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Linux 5.4 EXT4 / XFS / Btrfs RAID Performance On Four HDDs

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  • #21
    You're right there. How about testing both options then . I love the flexibility with Btrfs. Both with snapshots and the whole volume management thing, but also the ability to hot add/remove disks live without any downtime or unmounting.

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    • #22
      this is rather strange to see some reading test with 10x perf loss from raid 1 to raid 10.
      I dont see how any reads could be 10x slower in raid10 as it seems to me that the worst case scenario a raid 10 is as slow as raid1 and in best case it is 2x faster no ?

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      • #23
        Originally posted by Spam View Post
        Pretty good improvements on Btrfs part compared to a year ago.

        I think you should run these benchmarks with noatime as default though. atime hurts performance, especially for COW filesystems, and is not really used by anything these days, unless you use mutt.
        i really wonder if ANYONE use atime anyway apart for hardcore mutt users yes but i was thinking it was default mount option now on all distros, the atime cost is really too much for what it provides in return.

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        • #24
          Originally posted by gadnet View Post
          this is rather strange to see some reading test with 10x perf loss from raid 1 to raid 10.
          I dont see how any reads could be 10x slower in raid10 as it seems to me that the worst case scenario a raid 10 is as slow as raid1 and in best case it is 2x faster no ?
          Well if you have a stripe that is 64 bytes long , and you have to interleave this across 4x disks you get 16 bytes pr. disk.
          Now if you are reading tons of files that are less than 16 bytes long for example only one disk needs to be read, but you still need to read back the entire stripe and therefore leaving the disks busy reading the stripe (Raid10) instead of being free for parallel reads (raid1) from other programs/threads.

          Also since physical addresses do not necessarily match logical ones reading the strip can never be faster than the slowest disks (number of seeks or the longest seek). So if stripe data is scattered on one disks the other disks has to wait for it.

          if this explains this benchmarks can probably be discussed until there are no free harddisks space in the world to hold the transcript of the discussion , but your setup needs to be designed for the workload you want, so it all depends on use.

          PS! regarding your comment about atime , if I remember correctly lazytime (which is posix compliant) was supposed to be imeplemented on the VFS layer , but so far it seems to be pretty filesystem specific. BTRFS for example have relatime by default and I think I remember a discussion some years ago where it was decided that BTRFS would not benefit from lazytime compared to relatime - that may have changed of course...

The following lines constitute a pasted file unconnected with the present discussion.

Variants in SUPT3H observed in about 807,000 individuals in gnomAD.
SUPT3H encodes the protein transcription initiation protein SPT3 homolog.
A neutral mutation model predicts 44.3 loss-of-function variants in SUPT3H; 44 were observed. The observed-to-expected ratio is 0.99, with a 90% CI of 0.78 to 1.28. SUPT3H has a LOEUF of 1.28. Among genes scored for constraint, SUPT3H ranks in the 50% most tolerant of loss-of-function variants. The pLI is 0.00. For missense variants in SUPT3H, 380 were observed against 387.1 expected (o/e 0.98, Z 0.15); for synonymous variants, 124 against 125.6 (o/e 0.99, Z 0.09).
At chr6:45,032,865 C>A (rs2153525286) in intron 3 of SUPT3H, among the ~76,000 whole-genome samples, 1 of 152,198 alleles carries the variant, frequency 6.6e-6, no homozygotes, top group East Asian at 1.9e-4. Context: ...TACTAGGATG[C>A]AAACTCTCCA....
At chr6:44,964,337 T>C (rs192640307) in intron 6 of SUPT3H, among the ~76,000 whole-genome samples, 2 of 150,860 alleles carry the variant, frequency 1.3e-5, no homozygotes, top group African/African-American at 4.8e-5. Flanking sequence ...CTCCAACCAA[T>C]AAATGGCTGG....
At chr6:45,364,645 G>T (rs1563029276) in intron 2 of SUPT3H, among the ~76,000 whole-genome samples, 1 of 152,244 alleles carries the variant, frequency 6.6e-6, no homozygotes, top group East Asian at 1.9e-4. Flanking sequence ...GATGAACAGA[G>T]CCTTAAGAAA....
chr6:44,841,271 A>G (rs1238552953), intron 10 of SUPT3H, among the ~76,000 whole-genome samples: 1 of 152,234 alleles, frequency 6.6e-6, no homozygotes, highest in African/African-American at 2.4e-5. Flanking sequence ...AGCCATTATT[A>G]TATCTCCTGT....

http://www.dirtcellar.net

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          • #25
            thanks for your insight waxhead !

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            • #26
              Originally posted by loganj View Post
              i cure myself of Seagate a few years ago. i had 2 hdds of 3 tb each bought at 1 year difference. and both crashed at 1 year difference. i was lucky that both still had warranty. and these drivers was mostly for movies or storage. i mostly do only read after both of them were full. i didn't even bother to delete what i have on it once it was full. its strange to have hdd failure from 90% of usage time for reading. and to make it clear none of them were use for 2-3 hours/day. probably not even 1 min/week sometimes
              I've got well over 100 Seagate drives, mostly enterprise ones (2-8TB), some over 5 year old, and I rarely have more than 2-3 drive replacements a year.

              BTW big chunk of them are used in a large 24x7 cluster running ovirt (Vmware ESX replacement).

              You sample is far too small to make any meaningful conclusions.

              Gilboa
              oVirt-HV1: Intel S2600C0, 2xE5-2658V2, 128GB, 8x2TB, 4x480GB SSD, GTX1080 (to-VM), Dell U3219Q.
              oVirt-HV2: Intel S2400GP2, 2xE5-2448L, 120GB, 8x2TB, 4x480GB SSD, GTX550 (to-VM).
              oVirt-HV3: Gigabyte B85M-HD3, E3-1245V3, 32GB, 4x1TB, 2x480GB SSD, GTX980 (to-VM), Dell U2711.
              Devel-2: Asus H110M-K, i5-6500, 16GB, 3x1TB + 128GB-SSD, F33.

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              • #27
                Originally posted by blacknova View Post
                With 4 drives it is possible to get RAID5, would be possible to test it is as well?
                I second that.
                At least in my experience, MDRAID5 is faster than MDRAID10.

                Gilboa
                oVirt-HV1: Intel S2600C0, 2xE5-2658V2, 128GB, 8x2TB, 4x480GB SSD, GTX1080 (to-VM), Dell U3219Q.
                oVirt-HV2: Intel S2400GP2, 2xE5-2448L, 120GB, 8x2TB, 4x480GB SSD, GTX550 (to-VM).
                oVirt-HV3: Gigabyte B85M-HD3, E3-1245V3, 32GB, 4x1TB, 2x480GB SSD, GTX980 (to-VM), Dell U2711.
                Devel-2: Asus H110M-K, i5-6500, 16GB, 3x1TB + 128GB-SSD, F33.

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